Not long ago, a search engine company called ReportLinker surveyed 670 families with children under fifteen to better under-stand the relationship between American kids and their devices. The results are a snapshot of how technology has been inte-grated into American families.
In many ways, parents are following recommendations from experts including the American Academy of Pediatrics. But in a few key areas, parents seem to be ignoring best practice and following the path of least resistance. To get an idea of where your family falls, answer the following questions and compare your family’s tech habits to those of other families as well as recommen-dations from AAP.
How many screens do you have at home? When you count TVs, computers, tablets, smartphones and game consoles, the average number of screens per family is 7.3. Most households own a TV (94%), and about half have a video game console.
Just over three quarters of the families had at least one smartphone in the household, and 62% of parents said their kids spent 3 to 5 hours a day using a smartphone. The average age when kids get their own phone is 13 and a half.
For computing, families are more likely to use laptops (78%) than desktops (63%). The researchers also noted that among families with kids under ten, tablets are very popular—58% of children under 5 use them–and they may eventually rival television as the device of choice.
Perhaps the most interesting statistic is about technology in bedrooms. The AAP recommends that bedrooms be device free and children “avoid exposure to devices or screens for one hour before bedtime.” Despite that advice, about two thirds of the families with five or more devices allow kids to have one in the bedroom and, not surprisingly, those kids are more likely to use devices before they sleep.
How many hours per day do your kids interact with technology? Having more devices in the household also increased the amount of time kids spend with technology. Half the parents said they limit “plug in” time to less than two hours a day, but that rule is more likely to be enforced in families that have fewer devices and keep them out of bedrooms. The AAP recently revised its guidelines to say that “parents must develop personalized media use plans” based on each child’s age, health, temperament and developmental stage. They also point out that parents must be sure technology doesn’t squeeze out other healthy activities in-cluding sleep, physical play and time away from media.
When do your kids use technology? Over 80% of families said kids used devices during their spare time; only 6% allowed them to be used at mealtime. That’s consistent with the AAP recommendation that mealtimes be media-free.
Is technology a positive or negative influence on your kids? Experts continue to argue about whether technology is chang-ing childhood, but three quarters of parents believe devices are good for kids. Half say technology creates more benefits than risks, and 25% believe being comfortable with technology is essential for kids in the 21st century. For the 25% who feel technol-ogy has a negative impact on children, 11% believe technology creates more harms than benefits and 14% feel that technology “ruins the essence of childhood.”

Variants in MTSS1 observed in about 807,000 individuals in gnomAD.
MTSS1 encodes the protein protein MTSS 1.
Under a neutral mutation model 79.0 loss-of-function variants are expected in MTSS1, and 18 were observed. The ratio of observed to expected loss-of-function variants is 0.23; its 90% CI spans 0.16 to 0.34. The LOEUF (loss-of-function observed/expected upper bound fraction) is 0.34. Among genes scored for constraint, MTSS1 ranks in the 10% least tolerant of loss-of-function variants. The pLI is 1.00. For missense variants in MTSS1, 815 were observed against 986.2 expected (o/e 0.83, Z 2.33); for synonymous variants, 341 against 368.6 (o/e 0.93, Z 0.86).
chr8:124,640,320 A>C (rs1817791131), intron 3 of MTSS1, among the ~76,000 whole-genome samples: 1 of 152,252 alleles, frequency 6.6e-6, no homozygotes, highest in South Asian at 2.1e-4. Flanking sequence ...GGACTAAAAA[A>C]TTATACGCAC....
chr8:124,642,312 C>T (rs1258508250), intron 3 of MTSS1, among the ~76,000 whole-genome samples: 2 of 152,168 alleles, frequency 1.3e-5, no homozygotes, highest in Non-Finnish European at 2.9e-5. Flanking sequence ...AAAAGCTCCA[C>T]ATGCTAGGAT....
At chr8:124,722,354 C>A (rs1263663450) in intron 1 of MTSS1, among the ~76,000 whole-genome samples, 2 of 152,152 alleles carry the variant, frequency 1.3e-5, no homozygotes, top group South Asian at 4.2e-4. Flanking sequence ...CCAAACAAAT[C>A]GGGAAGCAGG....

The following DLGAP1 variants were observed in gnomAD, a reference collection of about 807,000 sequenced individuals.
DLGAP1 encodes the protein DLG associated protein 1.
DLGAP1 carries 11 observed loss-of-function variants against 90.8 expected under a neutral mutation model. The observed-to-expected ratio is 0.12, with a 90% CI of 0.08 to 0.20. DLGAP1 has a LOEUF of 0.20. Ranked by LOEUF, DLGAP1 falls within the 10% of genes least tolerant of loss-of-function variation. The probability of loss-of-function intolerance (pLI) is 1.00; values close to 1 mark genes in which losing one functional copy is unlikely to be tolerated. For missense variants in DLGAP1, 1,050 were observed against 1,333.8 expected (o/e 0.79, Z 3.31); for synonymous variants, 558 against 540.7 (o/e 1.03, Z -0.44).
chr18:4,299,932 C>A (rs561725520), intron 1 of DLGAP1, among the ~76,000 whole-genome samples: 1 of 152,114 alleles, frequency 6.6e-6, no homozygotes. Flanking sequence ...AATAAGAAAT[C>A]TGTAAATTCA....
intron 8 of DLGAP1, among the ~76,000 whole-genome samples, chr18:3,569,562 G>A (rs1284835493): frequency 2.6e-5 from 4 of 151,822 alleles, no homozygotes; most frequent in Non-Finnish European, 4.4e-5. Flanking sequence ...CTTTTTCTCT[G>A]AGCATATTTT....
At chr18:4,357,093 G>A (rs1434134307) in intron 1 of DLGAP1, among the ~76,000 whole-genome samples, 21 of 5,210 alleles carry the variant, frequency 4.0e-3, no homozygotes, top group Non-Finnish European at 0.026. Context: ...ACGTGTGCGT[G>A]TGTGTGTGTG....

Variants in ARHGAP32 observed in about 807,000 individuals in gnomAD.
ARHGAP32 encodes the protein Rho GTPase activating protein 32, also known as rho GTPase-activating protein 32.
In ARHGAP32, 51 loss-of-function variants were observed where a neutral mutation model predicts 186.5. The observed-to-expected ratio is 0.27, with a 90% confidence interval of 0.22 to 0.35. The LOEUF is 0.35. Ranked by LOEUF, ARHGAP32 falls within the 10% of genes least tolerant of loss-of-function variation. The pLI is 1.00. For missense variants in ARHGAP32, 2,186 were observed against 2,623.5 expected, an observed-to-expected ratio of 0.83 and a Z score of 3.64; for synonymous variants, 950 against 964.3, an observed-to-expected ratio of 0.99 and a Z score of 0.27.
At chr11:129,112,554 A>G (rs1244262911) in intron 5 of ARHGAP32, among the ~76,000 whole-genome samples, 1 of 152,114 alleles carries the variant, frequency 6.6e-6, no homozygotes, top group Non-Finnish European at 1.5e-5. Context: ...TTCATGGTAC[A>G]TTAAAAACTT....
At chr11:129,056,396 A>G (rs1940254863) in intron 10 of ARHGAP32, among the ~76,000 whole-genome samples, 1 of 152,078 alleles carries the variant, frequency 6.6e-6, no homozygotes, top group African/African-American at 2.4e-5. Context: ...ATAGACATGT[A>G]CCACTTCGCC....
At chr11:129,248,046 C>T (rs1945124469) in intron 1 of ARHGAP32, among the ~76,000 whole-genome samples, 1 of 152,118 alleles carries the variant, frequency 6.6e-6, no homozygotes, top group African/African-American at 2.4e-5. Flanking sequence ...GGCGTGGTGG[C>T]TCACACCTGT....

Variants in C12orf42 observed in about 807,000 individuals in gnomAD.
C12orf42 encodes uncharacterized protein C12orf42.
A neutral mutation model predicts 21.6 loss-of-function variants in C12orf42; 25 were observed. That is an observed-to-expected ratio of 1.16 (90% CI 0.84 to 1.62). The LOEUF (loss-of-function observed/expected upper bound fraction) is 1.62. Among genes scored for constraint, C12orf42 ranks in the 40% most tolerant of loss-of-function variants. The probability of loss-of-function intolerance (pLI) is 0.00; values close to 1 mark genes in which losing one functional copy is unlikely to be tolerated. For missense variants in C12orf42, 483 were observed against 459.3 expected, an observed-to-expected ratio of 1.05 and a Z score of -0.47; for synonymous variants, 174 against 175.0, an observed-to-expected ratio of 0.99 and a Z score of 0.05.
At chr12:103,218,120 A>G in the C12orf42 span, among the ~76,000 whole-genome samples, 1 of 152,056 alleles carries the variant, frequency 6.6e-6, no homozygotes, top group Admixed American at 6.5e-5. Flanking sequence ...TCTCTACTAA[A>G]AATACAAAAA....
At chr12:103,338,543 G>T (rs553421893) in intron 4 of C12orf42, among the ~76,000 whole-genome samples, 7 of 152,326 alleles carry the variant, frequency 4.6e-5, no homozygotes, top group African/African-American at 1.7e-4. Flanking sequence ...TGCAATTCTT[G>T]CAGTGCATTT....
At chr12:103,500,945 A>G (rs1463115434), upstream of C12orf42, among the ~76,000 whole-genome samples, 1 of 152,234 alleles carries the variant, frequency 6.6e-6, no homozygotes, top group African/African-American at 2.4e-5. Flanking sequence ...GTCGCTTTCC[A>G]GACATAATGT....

What are the main disadvantages of using tech devices? Twenty percent of parents couldn’t think of any disadvantages. A third worried that technology kept children from more traditional childhood activities such as playing, going outside or reading. Thirty one percent were concerned that time with devices made kids more isolated and less social. Only 10 percent worried about kids being less creative and 4% were concerned about increased aggression. To those concerns, AAP adds sleep disruption, the risk of obesity because of too much sedentary time and problematic Internet use including online bullying.
What are the main advantages? When asked about benefits of technology, parents were clear: 40% felt technology pro-motes cognitive development and school readiness. About a quarter agreed that technology expands a child’s horizons, and another quarter thought access to devices makes kids more savvy about using technology of all kinds. Only 7% admitted using tech gadgets to amuse kids so they could do something else. AAP guidelines also note the social benefits of devices, including the opportunity to interact with distant friends and family members.
Do your children manage their own tech time? Over half of parents (58%) believe their kids can manage their own time on electronic devices. Ironically, in the households where children use screens more than five hours a day, 43% of parents think kids are doing a perfectly good job of time management. On the other hand, if you sometimes find it difficult to manage screen time, you’re not alone; 42% of parents admitted they feel the same way.
How often do you know what content your kids are watching? Even though parents vary a lot in how much access they give kids to technology, they agree with the AAP on one thing—it’s important to monitor what kids are consuming. Eighty three percent say they keep an eye on what kids watch, and 71% claim to have activated parental controls.
Of course, one survey isn’t definitive, but it does reveal places where parents are on the right track—and improvement is possible. In the end, every family has to devise a device policy that works for them. To help, the AAP offers an interactive tool called Create Your Family Media Plan. Find it by looking for Media Plan at healthychildren.org.
Carolyn Jabs, M.A., has been writing the Growing Up Online column for ten year. She is also the author of Cooperative Wisdom: Bringing People Together When Things Fall Apart. Available at Amazon and Cooperative Wisdom.org. @ Copyright, 2017, Carolyn Jabs. All rights reserved.